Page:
Gene Set Enrichment Analysis (GSEA)

Gene Set Enrichment Analysis was performed using the GSEA software and the RNA-seq datasets were derived from cBioportal database (, in which three datasets were used. The GSEA results in Figure 1C were analyzed from TCGA (PanCancer Atlas) dataset and the GSEA results in Figure 2A were analyzed from Metastatic Prostate Cancer (SU2C/PCF Dream Team, PNAS 2019) dataset. The signaling pathway of KEGG datasets was ranked by the expression of SIRT6 in Metastatic Prostate Cancer (SU2C/PCF Dream Team, Cell 2015) following the official user guide of GSEA, and then the top 8 signaling pathways were shown in Figure 5E.

Immunohistochemistry (IHC) and immunofluorescence microscopy (IF)

For immunofluorescence microscopy, cells were plated on cover slides and fixed in 4% paraformaldehyde for 15 min. The fixed cells were permeabilized on 0.5% Triton X-100 for 30 min, and blocked with 10% goat serum for another 30 min, then incubated with Vimentin (Santa Cruzs), Ki67 (Proteintech) overnight at 4 °C. After extensively washing with PBS, secondary antibody, the donkey anti-goat IgG conjugated with Alexa Flour 594 (ThermoFisher, A-11058), was applied to the slides for 1 h. After three times washing, cell nuclei were stained with DAPI (Sigma) for 5 min. The slides were photographed by confocal microscopy.

For IHC, paraffin-fixed tissues were deparaffinized, rehydrated and treated with 0.01 M sodium citrate for antigen retrieval. Endogenous peroxidase activity was blocked by 0.3% (v/v) hydrogen peroxide and then incubated with 0.3% Triton X-100 for 15 min. After blocking with 10 % goat serum for 1 h. The tissues were incubated with primary antibodies at 4 °C overnight. After extensive washing with PBS, tissues were incubated with secondary antibodies (Abcam, ab6884) for 1 h. Diaminobenzidine hydrogen peroxide was used to show staining signaling, then the sections were counterstained with hematoxylin.

Exosome isolation and purification

Exosomes were collected from HEK293T cell line. HEK293T cells were grown in 15 cm2 culture dishes with DMEM medium supplemented with 10% fetal bovine serum (depleted of exosomes). The conditioned media were collected and centrifuged at 500 g for 5 min to remove cell debris. The supernatant was centrifuged at 10,000 g for 30 min and then centrifuged at 100,000 g for 60 min. The pellets were washed with PBS and centrifuged at 100,000 g for 60 min. The final pellets were resuspended with PBS and stored at -80 °C until used.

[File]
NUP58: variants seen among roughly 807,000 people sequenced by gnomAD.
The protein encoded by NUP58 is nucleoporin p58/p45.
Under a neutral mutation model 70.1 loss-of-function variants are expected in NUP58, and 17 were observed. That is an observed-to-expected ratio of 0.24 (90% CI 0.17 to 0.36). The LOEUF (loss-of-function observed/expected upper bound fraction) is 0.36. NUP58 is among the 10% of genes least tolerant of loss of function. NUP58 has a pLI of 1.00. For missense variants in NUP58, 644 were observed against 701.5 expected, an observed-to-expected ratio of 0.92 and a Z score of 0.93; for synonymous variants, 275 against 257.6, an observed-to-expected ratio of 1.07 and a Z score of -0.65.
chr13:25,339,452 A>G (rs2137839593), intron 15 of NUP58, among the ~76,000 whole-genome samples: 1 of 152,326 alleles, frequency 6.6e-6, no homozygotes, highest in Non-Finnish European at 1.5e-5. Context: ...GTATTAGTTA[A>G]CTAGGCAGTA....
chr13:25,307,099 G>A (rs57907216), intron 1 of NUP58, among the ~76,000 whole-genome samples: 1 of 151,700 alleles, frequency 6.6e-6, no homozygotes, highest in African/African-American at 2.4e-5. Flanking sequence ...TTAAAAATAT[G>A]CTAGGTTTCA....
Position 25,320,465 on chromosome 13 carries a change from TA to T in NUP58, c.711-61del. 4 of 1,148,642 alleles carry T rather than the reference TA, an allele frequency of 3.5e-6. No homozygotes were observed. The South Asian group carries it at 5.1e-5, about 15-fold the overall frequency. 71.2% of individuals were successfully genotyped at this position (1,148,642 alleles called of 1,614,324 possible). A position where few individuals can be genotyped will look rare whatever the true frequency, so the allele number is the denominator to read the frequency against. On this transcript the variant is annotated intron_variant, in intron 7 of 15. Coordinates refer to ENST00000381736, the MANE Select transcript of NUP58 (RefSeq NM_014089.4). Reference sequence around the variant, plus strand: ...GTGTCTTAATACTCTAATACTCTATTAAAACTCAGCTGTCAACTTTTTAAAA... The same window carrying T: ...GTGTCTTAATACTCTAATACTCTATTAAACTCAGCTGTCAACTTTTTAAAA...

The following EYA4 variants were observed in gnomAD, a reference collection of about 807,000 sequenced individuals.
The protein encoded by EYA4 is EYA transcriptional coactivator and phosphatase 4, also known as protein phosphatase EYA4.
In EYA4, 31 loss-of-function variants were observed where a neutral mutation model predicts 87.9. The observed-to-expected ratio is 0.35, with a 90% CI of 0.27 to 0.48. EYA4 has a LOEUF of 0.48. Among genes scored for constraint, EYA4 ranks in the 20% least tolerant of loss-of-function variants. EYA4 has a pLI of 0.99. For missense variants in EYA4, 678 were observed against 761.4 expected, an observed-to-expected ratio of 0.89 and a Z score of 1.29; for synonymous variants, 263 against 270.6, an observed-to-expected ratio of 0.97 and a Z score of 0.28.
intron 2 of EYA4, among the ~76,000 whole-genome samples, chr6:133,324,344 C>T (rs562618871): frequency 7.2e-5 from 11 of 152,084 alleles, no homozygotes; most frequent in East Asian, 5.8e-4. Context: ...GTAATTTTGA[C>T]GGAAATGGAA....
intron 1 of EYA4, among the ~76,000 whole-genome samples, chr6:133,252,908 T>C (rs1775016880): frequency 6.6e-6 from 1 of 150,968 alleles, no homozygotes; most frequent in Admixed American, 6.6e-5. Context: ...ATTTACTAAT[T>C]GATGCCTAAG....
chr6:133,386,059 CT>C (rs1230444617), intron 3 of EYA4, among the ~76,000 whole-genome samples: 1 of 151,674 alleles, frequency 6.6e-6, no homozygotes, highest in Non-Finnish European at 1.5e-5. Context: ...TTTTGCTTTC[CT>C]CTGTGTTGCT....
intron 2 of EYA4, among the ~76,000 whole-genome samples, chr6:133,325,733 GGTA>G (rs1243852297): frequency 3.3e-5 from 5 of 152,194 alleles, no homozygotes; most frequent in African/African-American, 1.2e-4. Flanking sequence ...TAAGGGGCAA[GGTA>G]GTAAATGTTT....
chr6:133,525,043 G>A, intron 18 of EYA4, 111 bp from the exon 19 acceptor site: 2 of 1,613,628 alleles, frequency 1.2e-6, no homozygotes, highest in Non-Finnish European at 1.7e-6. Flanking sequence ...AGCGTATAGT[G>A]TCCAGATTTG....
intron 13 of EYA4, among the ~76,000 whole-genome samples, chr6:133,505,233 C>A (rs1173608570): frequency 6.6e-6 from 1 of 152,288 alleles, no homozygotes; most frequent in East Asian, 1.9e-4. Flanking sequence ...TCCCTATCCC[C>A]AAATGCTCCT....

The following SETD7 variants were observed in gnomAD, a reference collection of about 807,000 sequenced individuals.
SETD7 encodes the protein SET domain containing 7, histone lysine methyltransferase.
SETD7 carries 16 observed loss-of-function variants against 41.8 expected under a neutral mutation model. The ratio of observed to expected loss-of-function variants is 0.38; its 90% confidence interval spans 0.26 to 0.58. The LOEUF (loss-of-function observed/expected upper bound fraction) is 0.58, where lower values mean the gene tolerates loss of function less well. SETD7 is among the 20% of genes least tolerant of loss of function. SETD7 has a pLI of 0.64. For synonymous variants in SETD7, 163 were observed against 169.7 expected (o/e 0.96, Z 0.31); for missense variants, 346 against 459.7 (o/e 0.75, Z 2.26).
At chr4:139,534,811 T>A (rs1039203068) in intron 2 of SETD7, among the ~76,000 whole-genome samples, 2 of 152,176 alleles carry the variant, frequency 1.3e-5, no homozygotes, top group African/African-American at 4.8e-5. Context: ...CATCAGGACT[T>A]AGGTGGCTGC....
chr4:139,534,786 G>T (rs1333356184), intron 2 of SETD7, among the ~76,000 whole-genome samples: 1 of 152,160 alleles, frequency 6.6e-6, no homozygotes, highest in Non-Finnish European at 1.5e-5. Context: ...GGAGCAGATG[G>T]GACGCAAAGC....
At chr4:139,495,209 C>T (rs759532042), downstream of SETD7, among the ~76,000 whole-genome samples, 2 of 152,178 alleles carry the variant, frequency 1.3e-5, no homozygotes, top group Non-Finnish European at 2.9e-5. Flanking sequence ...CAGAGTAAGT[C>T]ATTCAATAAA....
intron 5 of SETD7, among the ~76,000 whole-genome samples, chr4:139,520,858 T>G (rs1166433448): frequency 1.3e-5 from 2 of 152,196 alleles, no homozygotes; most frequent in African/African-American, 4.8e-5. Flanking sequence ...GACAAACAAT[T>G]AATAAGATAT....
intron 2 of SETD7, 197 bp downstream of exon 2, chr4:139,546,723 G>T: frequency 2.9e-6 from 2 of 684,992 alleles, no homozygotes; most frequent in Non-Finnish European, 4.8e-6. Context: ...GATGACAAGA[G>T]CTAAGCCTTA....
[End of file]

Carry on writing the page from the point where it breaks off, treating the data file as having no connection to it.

Electroporation loading of exosomes with siRNA

Electroporation loading of exosomes with siRNA was conducted based on a previous study [26]. Briefly, exosomes were mixed with siRNA in 1:1 (wt/wt) ratio, diluted to 0.5 mg/ml in electroporation buffer. The mixtures were added into ice-cold 0.4 mm cuvettes and electroporated at 400 mV and 125 μF capacitance (pulse time 10-15 ms) in the Gene Pulser Xcell (BioRad, Hercules, CA).

Conjugation of E3-Aptamer to Maleimide-PEG-Cholesterol

The conjugation was performed by the thiol-maleimide cross-linking reaction. Before the conjugation, C3-thiol-modified E3-Aptamer (GENEWIZ, China) was deprotected by 500 mM TCEP (pH 6.5) to produce Aptamer-SH [27, 28]. The deprotected aptamer was then linked to maleimide-PEG-cholesterol at 4 °C overnight followed by dialysis to purify the Aptamer-PEG-cholesterol conjugation.

In vivo xenograft assay

For the subcutaneously xenografted tumor models, 106 prostate cancer cells resuspended in 100 μL PBS were injected into the flank regions of 6-week-old male BALB/c nude mice. Both tumor volume and weight of mice were measured twice a week. For orthotopic implantation model, 106 cells stably expressing luciferase were injected into the anterior lobes of the prostate of 7-week-old male BALB/c nude mice with 31 G insulin syringe. The body weight was measured twice a week. After six weeks, the bioluminescent signal induced by intraperitoneal injection with 150 mg/kg D-luciferin (Synchem, Germany) was detected by Berthold Imaging System (Berthold, Germany). All studies were approved by the Institutional Animal Care and Use Committee, Shanghai Jiao Tong University, and all animals were treated according to the institutional guidelines.

Statistical analysis

All statistical analyses were performed using the GraphPad Prism software. The data were presented as means ± SEM. The paired or unpaired Student's t-test or ANOVA was used to calculate the statistical significance between two groups. The significance level was set at p<0.05.


SIRT6 expression is positively correlated with prostate cancer progression